New home brewing equipment from KitchenAid impresses coffee luminaries
BY ASHLEY RODRIGUEZ
SPECIAL TO BARISTA MAGAZINE
A common question customers ask baristas is, œwhy doesn’t the coffee I make at home taste as good as yours? There are a number of reasons, and to listen to a barista list all of the variables that can affect the taste of coffee can seem like hearing a list of instructions in a foreign language. It can be confusing to hear such a complicated response to a seemingly simple request ”I just want to drink good coffee at home.
KitchenAid’s line of Craft Coffee Brewers is the answer to that request, and you can find out all about it by tuning in to the œGet Something Brewing videos, a series that interviews some of the leading experts in coffee. The first episode features Los Angeles-based Verve Coffee Roasters.
The goal is to celebrate these brew methods that baristas perform with a balance of art and science accessible to all people that appreciate high-quality coffee, yet with the convenience for home. In the first video, Tyler Wells, founder of Blacktop Coffee in Los Angeles, sits down with Colby Barr, co-founder and green buyer of Verve Coffee in Santa Cruz, Calif., to enjoy a cup of Panama Elida Estate coffee made with the new KitchenAid Precision Press Coffee Maker. Unlike other French press machines, The Precision Press coffee maker has a built in timer and a scale. This built-in technology allows home users the same control over the brewing process that professional baristas have.
Tyler and Colby discuss how coffee has become more sought after and how quality has evolved over the last few years. œThe pursuit of coffee for flavor is a new thing, says Colby. œHistorically, in the past hundred years, the way you judged coffee was looking for defects, but now, the new way of tasting coffee is finding the attributes of coffee. Their conversation paints a picture of an industry that is still learning a lot about itself, and invites others to join in the journey.
œThere is a stigma around making great coffee at home ”that it is really difficult, or that it can only happen in the café environment, Colby points out, and the Get Something Brewing videos are meant to accompany KitchenAid’s line of craft coffee-brewing devices that make coffee less esoteric and much more accessible. Along with the Precision Press, KitchenAid has also developed a Siphon Coffee Brewer and a Pour Over Coffee Brewer that give home coffee enthusiasts easy access to great coffee. œYou’re going to be able to consistently make great coffee at home, Colby says, as he and Tyler enjoy their coffees.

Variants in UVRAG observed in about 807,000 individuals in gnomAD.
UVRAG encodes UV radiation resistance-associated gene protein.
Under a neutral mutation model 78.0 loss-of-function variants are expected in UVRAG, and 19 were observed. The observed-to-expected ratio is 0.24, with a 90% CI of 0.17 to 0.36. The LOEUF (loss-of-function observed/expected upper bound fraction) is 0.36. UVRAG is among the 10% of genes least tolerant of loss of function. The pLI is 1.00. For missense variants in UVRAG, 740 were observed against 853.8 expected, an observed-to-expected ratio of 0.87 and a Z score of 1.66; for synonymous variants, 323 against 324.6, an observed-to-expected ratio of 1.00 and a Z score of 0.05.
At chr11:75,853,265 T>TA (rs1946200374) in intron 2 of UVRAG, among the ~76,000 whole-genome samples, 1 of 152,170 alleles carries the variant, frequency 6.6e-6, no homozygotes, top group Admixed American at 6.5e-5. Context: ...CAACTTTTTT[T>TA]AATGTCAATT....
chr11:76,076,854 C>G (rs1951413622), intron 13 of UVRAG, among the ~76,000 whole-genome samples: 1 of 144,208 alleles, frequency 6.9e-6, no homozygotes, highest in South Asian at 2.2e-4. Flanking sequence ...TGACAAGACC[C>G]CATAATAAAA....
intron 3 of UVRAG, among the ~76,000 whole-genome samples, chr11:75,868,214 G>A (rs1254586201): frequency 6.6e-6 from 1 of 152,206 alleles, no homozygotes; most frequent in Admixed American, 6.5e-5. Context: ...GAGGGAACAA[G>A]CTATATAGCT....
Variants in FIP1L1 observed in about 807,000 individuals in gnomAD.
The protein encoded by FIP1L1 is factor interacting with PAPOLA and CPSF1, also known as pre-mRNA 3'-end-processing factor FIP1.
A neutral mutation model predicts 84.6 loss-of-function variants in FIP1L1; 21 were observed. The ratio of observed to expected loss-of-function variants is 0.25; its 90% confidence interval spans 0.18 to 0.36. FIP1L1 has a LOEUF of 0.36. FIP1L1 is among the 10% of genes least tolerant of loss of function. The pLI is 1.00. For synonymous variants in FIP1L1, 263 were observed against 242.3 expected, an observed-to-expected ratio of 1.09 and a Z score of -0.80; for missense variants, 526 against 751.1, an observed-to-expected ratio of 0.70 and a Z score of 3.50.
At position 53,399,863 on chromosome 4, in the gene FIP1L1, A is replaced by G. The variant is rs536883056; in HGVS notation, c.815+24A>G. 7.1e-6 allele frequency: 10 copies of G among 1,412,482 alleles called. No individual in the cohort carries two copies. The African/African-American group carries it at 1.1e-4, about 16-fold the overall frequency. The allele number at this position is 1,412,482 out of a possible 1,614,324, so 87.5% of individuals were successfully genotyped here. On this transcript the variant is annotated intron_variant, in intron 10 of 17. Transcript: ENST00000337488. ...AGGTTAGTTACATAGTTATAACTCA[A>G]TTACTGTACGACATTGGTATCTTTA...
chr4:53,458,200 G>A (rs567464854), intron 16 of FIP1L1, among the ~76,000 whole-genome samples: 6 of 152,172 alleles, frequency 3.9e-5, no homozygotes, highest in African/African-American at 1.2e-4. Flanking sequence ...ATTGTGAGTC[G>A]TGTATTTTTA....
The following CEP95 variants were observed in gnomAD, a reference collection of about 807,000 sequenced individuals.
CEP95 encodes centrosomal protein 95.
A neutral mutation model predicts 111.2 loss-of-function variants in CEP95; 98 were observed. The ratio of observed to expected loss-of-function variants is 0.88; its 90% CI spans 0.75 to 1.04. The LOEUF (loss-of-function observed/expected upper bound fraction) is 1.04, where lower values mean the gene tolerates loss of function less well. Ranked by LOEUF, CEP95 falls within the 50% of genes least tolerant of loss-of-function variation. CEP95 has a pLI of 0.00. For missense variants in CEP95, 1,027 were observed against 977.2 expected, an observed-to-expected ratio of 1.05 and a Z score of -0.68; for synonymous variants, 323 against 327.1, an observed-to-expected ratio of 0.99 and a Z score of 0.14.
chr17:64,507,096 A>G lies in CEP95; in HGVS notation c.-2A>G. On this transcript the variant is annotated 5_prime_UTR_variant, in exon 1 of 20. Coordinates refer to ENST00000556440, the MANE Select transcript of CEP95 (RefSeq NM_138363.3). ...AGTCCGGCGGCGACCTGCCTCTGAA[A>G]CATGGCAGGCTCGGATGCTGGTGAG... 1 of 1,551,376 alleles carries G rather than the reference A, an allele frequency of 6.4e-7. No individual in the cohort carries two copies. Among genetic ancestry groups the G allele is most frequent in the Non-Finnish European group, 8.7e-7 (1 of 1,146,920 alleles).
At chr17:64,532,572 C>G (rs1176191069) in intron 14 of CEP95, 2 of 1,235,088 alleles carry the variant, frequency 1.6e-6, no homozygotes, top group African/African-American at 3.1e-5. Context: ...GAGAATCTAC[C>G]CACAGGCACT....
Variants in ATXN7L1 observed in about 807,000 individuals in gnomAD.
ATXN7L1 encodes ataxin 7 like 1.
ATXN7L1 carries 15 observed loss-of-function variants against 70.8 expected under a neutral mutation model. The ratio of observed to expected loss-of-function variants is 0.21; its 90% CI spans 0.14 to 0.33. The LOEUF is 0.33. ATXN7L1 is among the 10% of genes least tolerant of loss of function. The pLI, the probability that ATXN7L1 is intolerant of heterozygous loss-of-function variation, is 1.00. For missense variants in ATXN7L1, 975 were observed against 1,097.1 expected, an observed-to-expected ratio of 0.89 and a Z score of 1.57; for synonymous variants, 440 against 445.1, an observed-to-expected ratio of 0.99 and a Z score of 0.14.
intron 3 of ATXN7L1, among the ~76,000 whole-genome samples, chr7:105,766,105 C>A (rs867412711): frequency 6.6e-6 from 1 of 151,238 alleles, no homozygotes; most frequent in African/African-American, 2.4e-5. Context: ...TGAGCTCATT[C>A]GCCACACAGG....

To have a brewer with a timer and a scale built in isn’t just exciting for home users ”it’s exciting for the industry at large, and it’s thrilling to see a big player like KitchenAid develop and furnish products that make coffee brewing easier and bridge the gap between home enthusiasts and baristas. Both Tyler and Colby discuss what it means for KitchenAid ”which has a longstanding reputation for making great products ”to enter the craft home-brewing market. œKitchenAid stands for quality and durability so it’s great to see this well-known brand develop products that make it easier and more accessible to enjoy barista style coffee at home.
Coffee doesn’t have to be complicated, and if you look at it closely, it can be simplified to the relationship between coffee and water. œIt is a remarkably easy equation: hot water, properly ground coffee, a brewing ratio, and some way to time, says Tyler. œThe variables are still the same in what makes coffee great, and now you have technology that’s going to allow you to make it better in your own home.
Check out the videos here http://www.kitchenaid.com/countertop-appliances/coffee-products/ and for more information about the full line of Craft Coffee products visit KitchenAid online. http://www.kitchenaid.com/countertop-appliances/coffee-products/
ABOUT THE AUTHOR
Ashley Rodriguez thought that she’d take a break from teaching middle school science and putz around in a coffee shop for a few months. She ended up digging it way more than teaching (and was vaguely better at it). After spending 5 years making coffee in New York, she moved to the San Francisco Bay Area where she worked for Sightglass Coffee for three years. She recently decided to give full-time coffee writing a go, though she can still be found working bar shifts now and again in Temescal Alley in Oakland. Follow her on Twitter at @ashisacommonname